Los Angeles Dodgers owners Frank and Jamie McCourt were in an LA courtroom today saying they have agreed to a divorce settlement that could potentially take the team out of ownership limbo. But as usual in this case it doesn’t come without a big question mark. According to the LA Times, the deal hinges on Major League Baseball approving Frank McCourt’s multiyear TV deal with Fox that is worth as much as $3 billion, cash that would allow him to meet his team’s payroll obligations and give him the stability to retake financial control of the franchise, which right now is being handled by the league during all of this mess. The Fox deal calls for a $385 million upfront loan to McCourt to handle the Dodgers’ immediate money problems, Bloomberg reports. Here’s the problem, though: the league is hesitant to approve any TV contract in case the Dodgers need to be sold as part of a community property divorce settlement, worried any TV deal signed to now could be undervalued for the new owners. Frank McCourt has said that the league is stalling on purpose to force him out.
A former TV sports executive said today that the trustee who will be appointed by Major League Baseball to handle day-to-day operations of the financially strapped Los Angeles Dodgers would have to consider scrapping a TV rights offer from Fox Sports currently on the table and open the bidding to others. Former CBS Sports president Neal Pilson told Bloomberg that Fox’s current offer, which the Los Angeles Times reported today is a 20-year deal worth about $3 billion, might not be the team’s best option. “The trustee would take a very serious look at that deal and could very well void it,” he said. “He may very well think the team can get more money if they put it up for bid.” If so, that could open the door to Fox Sports rival Time Warner Cable, which recently locked up the Los Angeles Lakers’ TV rights with a 20-year deal that begins with the 2012-13 NBA season and will see the creation of a pair of HD channels to show the team’s games.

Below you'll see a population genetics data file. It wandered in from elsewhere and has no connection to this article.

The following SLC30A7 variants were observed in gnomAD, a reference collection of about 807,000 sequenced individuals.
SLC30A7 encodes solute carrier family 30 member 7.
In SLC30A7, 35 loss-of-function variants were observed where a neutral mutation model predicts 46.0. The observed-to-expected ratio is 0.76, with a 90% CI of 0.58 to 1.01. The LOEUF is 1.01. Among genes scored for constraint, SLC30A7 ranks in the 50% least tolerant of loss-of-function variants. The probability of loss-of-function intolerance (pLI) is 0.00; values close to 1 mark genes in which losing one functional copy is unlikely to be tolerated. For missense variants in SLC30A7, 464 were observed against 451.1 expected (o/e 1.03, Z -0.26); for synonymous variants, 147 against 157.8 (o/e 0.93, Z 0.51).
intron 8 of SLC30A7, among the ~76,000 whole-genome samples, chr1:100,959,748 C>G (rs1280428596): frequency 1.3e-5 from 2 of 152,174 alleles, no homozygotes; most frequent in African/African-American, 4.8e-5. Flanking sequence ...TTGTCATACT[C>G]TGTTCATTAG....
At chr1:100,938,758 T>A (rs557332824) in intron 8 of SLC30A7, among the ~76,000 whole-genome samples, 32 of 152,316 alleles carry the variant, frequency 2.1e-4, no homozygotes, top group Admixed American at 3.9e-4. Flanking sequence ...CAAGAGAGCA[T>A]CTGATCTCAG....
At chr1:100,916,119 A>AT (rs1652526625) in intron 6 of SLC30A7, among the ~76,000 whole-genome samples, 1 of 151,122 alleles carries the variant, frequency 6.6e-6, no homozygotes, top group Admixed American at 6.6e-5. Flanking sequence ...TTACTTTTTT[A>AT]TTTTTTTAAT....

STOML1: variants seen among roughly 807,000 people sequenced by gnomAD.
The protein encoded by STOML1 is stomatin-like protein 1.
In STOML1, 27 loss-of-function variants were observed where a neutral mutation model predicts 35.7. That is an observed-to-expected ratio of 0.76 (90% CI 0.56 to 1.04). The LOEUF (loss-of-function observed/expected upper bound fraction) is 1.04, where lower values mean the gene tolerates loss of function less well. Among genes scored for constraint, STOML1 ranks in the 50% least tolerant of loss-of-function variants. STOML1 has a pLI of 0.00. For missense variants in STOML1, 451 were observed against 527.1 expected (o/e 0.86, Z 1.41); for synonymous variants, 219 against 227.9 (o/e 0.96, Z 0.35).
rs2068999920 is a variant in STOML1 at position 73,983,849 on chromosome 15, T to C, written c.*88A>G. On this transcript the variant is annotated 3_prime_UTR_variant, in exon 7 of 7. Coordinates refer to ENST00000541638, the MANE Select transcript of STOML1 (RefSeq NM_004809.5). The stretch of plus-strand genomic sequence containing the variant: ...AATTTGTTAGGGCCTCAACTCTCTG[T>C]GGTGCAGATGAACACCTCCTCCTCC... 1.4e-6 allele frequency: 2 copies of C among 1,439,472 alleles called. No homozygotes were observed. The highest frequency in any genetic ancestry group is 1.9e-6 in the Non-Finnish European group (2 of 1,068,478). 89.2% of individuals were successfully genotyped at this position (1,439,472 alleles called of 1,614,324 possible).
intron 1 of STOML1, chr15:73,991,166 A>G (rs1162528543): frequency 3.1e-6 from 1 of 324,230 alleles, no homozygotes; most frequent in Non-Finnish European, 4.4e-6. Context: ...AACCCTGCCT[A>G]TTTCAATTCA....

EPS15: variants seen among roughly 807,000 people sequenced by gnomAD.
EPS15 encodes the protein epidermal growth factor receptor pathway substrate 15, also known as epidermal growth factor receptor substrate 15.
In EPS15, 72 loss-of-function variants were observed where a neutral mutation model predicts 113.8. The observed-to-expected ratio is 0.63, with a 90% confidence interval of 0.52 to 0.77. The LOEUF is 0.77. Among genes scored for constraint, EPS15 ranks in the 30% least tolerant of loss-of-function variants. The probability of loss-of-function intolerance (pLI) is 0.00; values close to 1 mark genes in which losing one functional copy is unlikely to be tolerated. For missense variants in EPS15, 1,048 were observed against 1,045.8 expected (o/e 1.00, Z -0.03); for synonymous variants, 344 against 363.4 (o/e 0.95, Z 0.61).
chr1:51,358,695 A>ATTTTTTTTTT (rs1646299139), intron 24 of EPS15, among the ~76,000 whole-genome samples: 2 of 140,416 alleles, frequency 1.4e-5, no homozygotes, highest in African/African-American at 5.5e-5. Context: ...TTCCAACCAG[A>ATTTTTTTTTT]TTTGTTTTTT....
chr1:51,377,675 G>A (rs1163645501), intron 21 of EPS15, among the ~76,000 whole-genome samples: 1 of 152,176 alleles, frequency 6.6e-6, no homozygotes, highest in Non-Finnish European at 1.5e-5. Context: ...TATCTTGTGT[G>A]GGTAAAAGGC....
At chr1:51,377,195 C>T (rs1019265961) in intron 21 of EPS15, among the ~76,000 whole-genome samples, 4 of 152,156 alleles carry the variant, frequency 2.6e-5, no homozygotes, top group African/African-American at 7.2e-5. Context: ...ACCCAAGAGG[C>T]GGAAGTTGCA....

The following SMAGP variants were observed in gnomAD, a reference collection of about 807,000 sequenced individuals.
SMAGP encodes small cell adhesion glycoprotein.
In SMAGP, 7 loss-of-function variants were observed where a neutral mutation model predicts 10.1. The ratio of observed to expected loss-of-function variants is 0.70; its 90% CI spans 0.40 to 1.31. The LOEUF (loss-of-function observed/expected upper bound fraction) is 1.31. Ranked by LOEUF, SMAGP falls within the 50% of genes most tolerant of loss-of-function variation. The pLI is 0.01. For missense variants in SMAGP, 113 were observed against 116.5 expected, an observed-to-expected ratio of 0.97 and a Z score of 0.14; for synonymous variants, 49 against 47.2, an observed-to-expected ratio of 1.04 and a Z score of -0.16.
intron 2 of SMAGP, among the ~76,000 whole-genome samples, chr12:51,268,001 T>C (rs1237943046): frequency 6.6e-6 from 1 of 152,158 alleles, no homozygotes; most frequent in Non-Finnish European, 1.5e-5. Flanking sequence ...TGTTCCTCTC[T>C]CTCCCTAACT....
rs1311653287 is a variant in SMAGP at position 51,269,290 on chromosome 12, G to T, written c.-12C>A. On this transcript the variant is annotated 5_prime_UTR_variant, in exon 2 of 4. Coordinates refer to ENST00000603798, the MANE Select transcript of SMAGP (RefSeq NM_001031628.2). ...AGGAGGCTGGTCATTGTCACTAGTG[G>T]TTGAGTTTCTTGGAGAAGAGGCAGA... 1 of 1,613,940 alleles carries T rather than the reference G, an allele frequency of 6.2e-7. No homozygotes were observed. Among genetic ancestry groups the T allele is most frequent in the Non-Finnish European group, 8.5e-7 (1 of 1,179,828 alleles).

Any TV rights deal would be used to reduce the Dodgers’ debt, which Bloomberg Businessweek reported in August was about $525 million. (Forbes has said almost all the team’s profit was being eaten up by interest.) All of this comes two days after baseball commissioner Bud Selig said that the league would take financial control of the team, citing “deep concerns regarding the finances and operations.” On Thursday, …
Less than a week after a report surfaced that Los Angeles Dodgers owner Frank McCourt arranged for a $30 million personal loan from TV partner Fox to help pay the team’s bills, Major League Baseball owner Bud Selig said today that the league is taking over financial control of the franchise. He said he will appoint a representative to run the day-to-day business. “The Dodgers have been one of the most prestigious franchises in all of sports, and we owe it to their legion of loyal fans to ensure that this club is being operated properly now and will be guided appropriately in the future,” Selig said Wednesday in a statement, adding that he has “deep concerns regarding the finances and operations of the Dodgers.” Frank and Jamie McCourt are in the midst of a messy divorce that has thrown the team’s financial future into doubt. A new long-term TV deal with Fox that the Times’ Bill Shaikin reported could be in the neighborhood of $3 billion over 20 years would go along way to stabilizing things at Chavez Ravine, and McCourt recently took the offer to Selig, who already had rejected a proposed $200 million loan to McCourt from Fox using the future TV contract as collateral.